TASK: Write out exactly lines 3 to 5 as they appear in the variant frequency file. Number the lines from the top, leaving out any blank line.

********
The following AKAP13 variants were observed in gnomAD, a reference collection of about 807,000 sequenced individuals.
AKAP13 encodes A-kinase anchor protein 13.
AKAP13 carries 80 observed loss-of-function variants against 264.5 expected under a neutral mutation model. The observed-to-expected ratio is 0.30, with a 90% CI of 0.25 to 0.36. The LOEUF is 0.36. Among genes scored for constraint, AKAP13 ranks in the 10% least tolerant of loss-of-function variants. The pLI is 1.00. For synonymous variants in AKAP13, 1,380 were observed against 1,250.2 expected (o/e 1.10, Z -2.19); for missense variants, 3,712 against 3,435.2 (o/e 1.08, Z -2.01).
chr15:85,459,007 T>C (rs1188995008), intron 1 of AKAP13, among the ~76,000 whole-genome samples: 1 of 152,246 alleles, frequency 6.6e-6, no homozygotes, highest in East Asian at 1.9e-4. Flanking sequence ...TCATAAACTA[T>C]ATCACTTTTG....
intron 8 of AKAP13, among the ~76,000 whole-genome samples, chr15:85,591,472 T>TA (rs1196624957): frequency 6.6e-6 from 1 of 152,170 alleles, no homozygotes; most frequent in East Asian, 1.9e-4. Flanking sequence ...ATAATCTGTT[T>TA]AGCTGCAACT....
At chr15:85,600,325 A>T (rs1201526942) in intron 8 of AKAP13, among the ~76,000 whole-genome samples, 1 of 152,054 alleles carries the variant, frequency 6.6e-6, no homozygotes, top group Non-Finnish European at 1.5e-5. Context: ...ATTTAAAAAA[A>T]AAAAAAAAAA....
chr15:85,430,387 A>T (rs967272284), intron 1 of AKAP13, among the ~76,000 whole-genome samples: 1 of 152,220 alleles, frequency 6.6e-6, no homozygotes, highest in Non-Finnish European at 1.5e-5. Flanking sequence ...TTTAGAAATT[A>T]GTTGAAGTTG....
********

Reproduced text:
AKAP13 carries 80 observed loss-of-function variants against 264.5 expected under a neutral mutation model. The observed-to-expected ratio is 0.30, with a 90% CI of 0.25 to 0.36. The LOEUF is 0.36. Among genes scored for constraint, AKAP13 ranks in the 10% least tolerant of loss-of-function variants. The pLI is 1.00. For synonymous variants in AKAP13, 1,380 were observed against 1,250.2 expected (o/e 1.10, Z -2.19); for missense variants, 3,712 against 3,435.2 (o/e 1.08, Z -2.01).
chr15:85,459,007 T>C (rs1188995008), intron 1 of AKAP13, among the ~76,000 whole-genome samples: 1 of 152,246 alleles, frequency 6.6e-6, no homozygotes, highest in East Asian at 1.9e-4. Flanking sequence ...TCATAAACTA[T>C]ATCACTTTTG....
intron 8 of AKAP13, among the ~76,000 whole-genome samples, chr15:85,591,472 T>TA (rs1196624957): frequency 6.6e-6 from 1 of 152,170 alleles, no homozygotes; most frequent in East Asian, 1.9e-4. Flanking sequence ...ATAATCTGTT[T>TA]AGCTGCAACT....